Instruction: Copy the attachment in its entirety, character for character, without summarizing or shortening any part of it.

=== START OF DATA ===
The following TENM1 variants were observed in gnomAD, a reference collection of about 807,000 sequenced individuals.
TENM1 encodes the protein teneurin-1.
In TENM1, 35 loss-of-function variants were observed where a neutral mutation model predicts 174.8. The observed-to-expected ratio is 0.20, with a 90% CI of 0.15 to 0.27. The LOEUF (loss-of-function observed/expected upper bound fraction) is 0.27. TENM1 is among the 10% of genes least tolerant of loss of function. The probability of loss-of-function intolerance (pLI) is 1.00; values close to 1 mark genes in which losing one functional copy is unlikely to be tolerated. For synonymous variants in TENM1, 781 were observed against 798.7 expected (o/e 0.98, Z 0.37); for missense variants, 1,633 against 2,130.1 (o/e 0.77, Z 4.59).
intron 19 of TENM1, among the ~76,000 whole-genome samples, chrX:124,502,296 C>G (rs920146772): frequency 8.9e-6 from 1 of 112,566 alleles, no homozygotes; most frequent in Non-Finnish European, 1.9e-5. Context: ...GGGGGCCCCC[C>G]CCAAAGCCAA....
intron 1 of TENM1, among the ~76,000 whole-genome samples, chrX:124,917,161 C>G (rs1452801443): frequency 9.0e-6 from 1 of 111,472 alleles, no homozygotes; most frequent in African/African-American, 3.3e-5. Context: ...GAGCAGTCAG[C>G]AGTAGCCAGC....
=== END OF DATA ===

The following TENM1 variants were observed in gnomAD, a reference collection of about 807,000 sequenced individuals.
TENM1 encodes the protein teneurin-1.
In TENM1, 35 loss-of-function variants were observed where a neutral mutation model predicts 174.8. The observed-to-expected ratio is 0.20, with a 90% CI of 0.15 to 0.27. The LOEUF (loss-of-function observed/expected upper bound fraction) is 0.27. TENM1 is among the 10% of genes least tolerant of loss of function. The probability of loss-of-function intolerance (pLI) is 1.00; values close to 1 mark genes in which losing one functional copy is unlikely to be tolerated. For synonymous variants in TENM1, 781 were observed against 798.7 expected (o/e 0.98, Z 0.37); for missense variants, 1,633 against 2,130.1 (o/e 0.77, Z 4.59).
intron 19 of TENM1, among the ~76,000 whole-genome samples, chrX:124,502,296 C>G (rs920146772): frequency 8.9e-6 from 1 of 112,566 alleles, no homozygotes; most frequent in Non-Finnish European, 1.9e-5. Context: ...GGGGGCCCCC[C>G]CCAAAGCCAA....
intron 1 of TENM1, among the ~76,000 whole-genome samples, chrX:124,917,161 C>G (rs1452801443): frequency 9.0e-6 from 1 of 111,472 alleles, no homozygotes; most frequent in African/African-American, 3.3e-5. Context: ...GAGCAGTCAG[C>G]AGTAGCCAGC....